51. Pap PL, Vágási CI, Czirják GÁ, Barta Z (2008) Diet quality affects postnuptial molting and feather quality of the house sparrow (Passer domesticus): interaction with humoral immune function? Can J Zool 86:834–842CrossRefGoogle Scholar
  52. Pap PL, Vágási CI, Czirják GÁ, Titilincu A, Pintea A, Osváth G, Fülöp A, Bartha Z (2011) The effect of coccidians on the condition and immune profile of molting house sparrows (Passer domesticus). Auk 128:330–339CrossRefGoogle Scholar
  53. Peach WJ, Vincent KE, Fowler JA, Grice PV (2008) Reproductive success of house sparrows along an urban gradient. Anim Conserv 11:493–503CrossRefGoogle Scholar
  54. Poston JP, Hasselquist D, Stewart IRK, Westneat DF (2005) Dietary amino acids influence plumage traits and immune responses of male house sparrows, Passer domesticus, but not as expected. Anim Behav 70:1171–1181 CrossRefGoogle Scholar
  55. R Core Team (2012) R: a language and environment for statistical computing. Vienna (Austria): R foundation for statistical computing. Available from: http://www.r-project.org/
  56. Ramsey G, Bastian ML, van Schaik C (2007) Animal innovation defined and operationalized. Behav Brain Sci 30:393–407Google Scholar
  57. Reader SM, Laland KN (2002) Social intelligence, innovation, and enhanced brain size in primates. Proc Natl Acad Sci U S A 99:4436–4441 PubMedCentralPubMedCrossRefGoogle Scholar
  58. Reader SM, Laland KN (2003) Animal innovation. Oxford University Press, OxfordGoogle Scholar
  59. Rowe C, Healy SD (2014) Measuring variation in cognition. Behav Ecol (published online,doi: 10.1093/beheco/aru090)
  60. Sætre GP, Riyahi S, Aliabadian M, Hermansen JS, Hogner S, Olsson U, Gonzales Rojas MF, Sætre SA, Trier CN, Elgvin TO (2012) Single origin of human commensalism in the house sparrow. J Evol Biol 25:788–796PubMedCrossRefGoogle Scholar
  61. Seress G, Bókony V, Pipoly I, Szép T, Nagy K, Liker A (2012) Urbanization, nestling growth and reproductive success in a moderately declining house sparrow population. J Avian Biol 43:403–414CrossRefGoogle Scholar
  62. Sih A (2013) Understanding variation in behavioural responses to human-induced rapid environmental change: a conceptual overview. Anim Behav 85:1077–1088CrossRefGoogle Scholar
  63. Snell-Rood EC, Wick N (2013) Anthropogenic environments exert variable selection on cranial capacity in mammals Anthropogenic environments exert variable selection on cranial capacity in mammals. Proc R Soc B 280:20131384PubMedCentralPubMedCrossRefGoogle Scholar
  64. Sol D, Lefebvre L (2000) Behavioural flexibility predicts invasion success in birds introduced to New Zealand. Oikos 90:599–605CrossRefGoogle Scholar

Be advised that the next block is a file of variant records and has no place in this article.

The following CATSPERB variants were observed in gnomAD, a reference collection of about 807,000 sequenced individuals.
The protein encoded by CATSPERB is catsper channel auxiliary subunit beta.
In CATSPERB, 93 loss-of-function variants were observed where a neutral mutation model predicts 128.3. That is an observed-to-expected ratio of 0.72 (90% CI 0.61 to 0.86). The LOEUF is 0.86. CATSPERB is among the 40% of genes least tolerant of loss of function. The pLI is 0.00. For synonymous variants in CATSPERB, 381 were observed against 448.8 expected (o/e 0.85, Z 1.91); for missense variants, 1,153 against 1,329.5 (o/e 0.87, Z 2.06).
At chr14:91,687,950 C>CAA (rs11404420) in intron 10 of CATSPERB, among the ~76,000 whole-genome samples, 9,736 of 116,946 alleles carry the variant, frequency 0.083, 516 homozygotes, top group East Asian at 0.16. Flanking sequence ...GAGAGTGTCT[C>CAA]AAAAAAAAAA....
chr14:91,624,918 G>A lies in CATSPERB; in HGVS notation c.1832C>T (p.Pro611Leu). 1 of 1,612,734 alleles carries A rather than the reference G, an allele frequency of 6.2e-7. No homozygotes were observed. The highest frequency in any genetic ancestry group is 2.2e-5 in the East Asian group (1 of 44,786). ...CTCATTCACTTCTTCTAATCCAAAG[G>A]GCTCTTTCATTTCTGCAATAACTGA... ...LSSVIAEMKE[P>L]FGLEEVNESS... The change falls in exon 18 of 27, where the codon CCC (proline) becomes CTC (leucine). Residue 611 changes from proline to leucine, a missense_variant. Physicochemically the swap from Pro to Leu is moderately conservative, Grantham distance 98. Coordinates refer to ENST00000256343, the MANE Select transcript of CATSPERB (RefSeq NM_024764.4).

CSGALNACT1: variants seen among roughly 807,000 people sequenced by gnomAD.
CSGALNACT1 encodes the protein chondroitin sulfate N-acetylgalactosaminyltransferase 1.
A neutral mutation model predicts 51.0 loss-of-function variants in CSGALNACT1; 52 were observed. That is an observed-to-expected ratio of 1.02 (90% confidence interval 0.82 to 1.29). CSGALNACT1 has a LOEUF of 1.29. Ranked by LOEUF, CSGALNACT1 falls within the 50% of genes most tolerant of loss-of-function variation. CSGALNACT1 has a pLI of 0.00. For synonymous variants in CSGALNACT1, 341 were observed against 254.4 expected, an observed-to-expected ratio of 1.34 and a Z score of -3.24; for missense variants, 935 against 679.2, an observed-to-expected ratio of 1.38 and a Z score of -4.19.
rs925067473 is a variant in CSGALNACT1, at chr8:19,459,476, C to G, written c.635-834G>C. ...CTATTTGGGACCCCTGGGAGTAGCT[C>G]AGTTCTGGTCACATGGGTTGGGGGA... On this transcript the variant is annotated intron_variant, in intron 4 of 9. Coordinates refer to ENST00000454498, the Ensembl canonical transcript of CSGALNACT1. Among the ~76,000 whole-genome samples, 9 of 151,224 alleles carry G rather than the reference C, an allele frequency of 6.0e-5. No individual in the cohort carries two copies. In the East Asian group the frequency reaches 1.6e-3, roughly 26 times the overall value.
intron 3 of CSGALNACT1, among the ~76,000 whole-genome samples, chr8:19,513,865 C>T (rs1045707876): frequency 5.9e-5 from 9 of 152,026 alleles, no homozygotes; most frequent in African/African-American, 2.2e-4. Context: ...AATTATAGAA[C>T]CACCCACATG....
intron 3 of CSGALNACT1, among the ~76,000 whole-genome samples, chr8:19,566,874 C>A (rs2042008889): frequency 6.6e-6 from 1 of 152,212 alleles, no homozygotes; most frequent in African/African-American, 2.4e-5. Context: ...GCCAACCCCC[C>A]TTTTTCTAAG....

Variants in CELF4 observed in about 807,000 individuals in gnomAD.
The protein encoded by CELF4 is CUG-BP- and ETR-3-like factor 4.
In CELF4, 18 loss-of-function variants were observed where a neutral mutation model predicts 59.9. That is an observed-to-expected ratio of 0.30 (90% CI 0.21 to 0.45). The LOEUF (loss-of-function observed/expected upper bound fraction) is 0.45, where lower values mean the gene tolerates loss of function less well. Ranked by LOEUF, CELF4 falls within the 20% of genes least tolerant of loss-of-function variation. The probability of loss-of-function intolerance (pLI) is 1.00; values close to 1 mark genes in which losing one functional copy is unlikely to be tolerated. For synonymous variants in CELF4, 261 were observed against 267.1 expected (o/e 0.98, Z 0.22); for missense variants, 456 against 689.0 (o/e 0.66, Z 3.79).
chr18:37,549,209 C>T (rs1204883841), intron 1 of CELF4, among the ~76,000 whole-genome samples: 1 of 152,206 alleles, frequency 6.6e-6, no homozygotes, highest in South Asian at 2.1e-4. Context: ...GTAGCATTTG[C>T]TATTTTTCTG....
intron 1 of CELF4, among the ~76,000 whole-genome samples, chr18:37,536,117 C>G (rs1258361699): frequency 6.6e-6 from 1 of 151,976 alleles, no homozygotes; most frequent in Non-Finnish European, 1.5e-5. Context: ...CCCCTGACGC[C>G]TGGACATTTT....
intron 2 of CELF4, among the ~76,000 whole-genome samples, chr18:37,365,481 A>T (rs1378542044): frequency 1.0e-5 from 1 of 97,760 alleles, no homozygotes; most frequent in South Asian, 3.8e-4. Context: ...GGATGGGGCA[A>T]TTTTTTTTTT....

65. Sol D, Timmermans S, Lefebvre L (2002) Behavioural flexibility and invasion success in birds. Anim Behav 63:495–502CrossRefGoogle Scholar
  66. Sol D, Duncan RP, Blackburn TM, Cassey P, Lefebvre L (2005) Big brains, enhanced cognition, and response of birds to novel environments. Proc Natl Acad Sci U S A 102:5460–5465 PubMedCentralPubMedCrossRefGoogle Scholar
  67. Sol D, Bacher S, Reader SM, Lefebvre L (2008) Brain size predicts the success of mammal species introduced into novel environments. Am Nat 172:63–71Google Scholar
  68. Sol D, Griffin AS, Bartomeus I, Boyce H (2011) Exploring or avoiding novel food resources? The novelty conflict in an invasive bird. PLoS One 6:e19535PubMedCentralPubMedCrossRefGoogle Scholar
  69. Sol D, Griffin AS, Bartomeus I (2012a) Consumer and motor innovation in the common myna: the role of motivation and emotional responses. Anim Behav 83:179–188CrossRefGoogle Scholar
  70. Sol D, Maspons J, Vall-Llosera M, Bartomeus I, García-Peña GE, Piñol J, Freckleton RP (2012b) Unraveling the life history of successful invaders. Science 337:580–583PubMedCrossRefGoogle Scholar
  71. Sol D, Lapiedra O, González-Lagos C (2013) Behavioural adjustments for a life in the city. Anim Behav 85:1101–1112CrossRefGoogle Scholar
  72. Suárez-Rodríguez M, López-Rull I, Garcia CM (2013) Incorporation of cigarette butts into nests reduces nest ectoparasite load in urban birds: new ingredients for an old recipe? Biol Lett 9:15–18Google Scholar
  73. Thornton A, Lukas D (2012) Individual variation in cognitive performance: developmental and evolutionary perspectives. Philos T Roy Soc B 367:2773–2783CrossRefGoogle Scholar
  74. Thornton A, Samson J (2012) Innovative problem solving in wild meerkats. Anim Behav 83:1459–1468CrossRefGoogle Scholar
  75. Thornton A, Isden J, Madden JR (2014) Toward wild psychometrics: linking individual cognitive differences to fitness. Behav Ecol 25:1299–1301CrossRefGoogle Scholar
  76. Vangestel C, Mergeay J, Dawson DA, Vandomme V, Lens L (2011) Spatial heterogeneity in genetic relatedness among house sparrows along an urban–rural gradient as revealed by individual-based analysis. Mol Ecol 20:4643–4653PubMedCrossRefGoogle Scholar
  77. Vincze E, Papp S, Preiszner B, Seress G, Liker A, Bókony V (2014) Does urbanization facilitate individual recognition of humans by house sparrows? Anim Cogn (published online,doi: 10.1007/s10071-014-0799-z)
  78. Wright TF, Eberhard JR, Hobson EA, Avery ML, Russello MA (2010) Behavioral flexibility and species invasions: the adaptive flexibility hypothesis. Ethol Ecol Evol 22:393–404CrossRefGoogle Scholar

Copyright information

© Springer-Verlag Berlin Heidelberg 2014

Authors and Affiliations

  • Sándor Papp
    • 1
  • Ernő Vincze
    • 1
  • Bálint Preiszner
    • 1
  • András Liker
    • 1
  • Veronika Bókony
    • 1
    • 2
  1. 1.Department of LimnologyUniversity of PannoniaVeszprémHungary
  2. 2.Lendület Evolutionary Ecology Research Group, Plant Protection Institute, Centre for Agricultural Research,Hungarian Academy of SciencesBudapestHungary

Personalised recommendations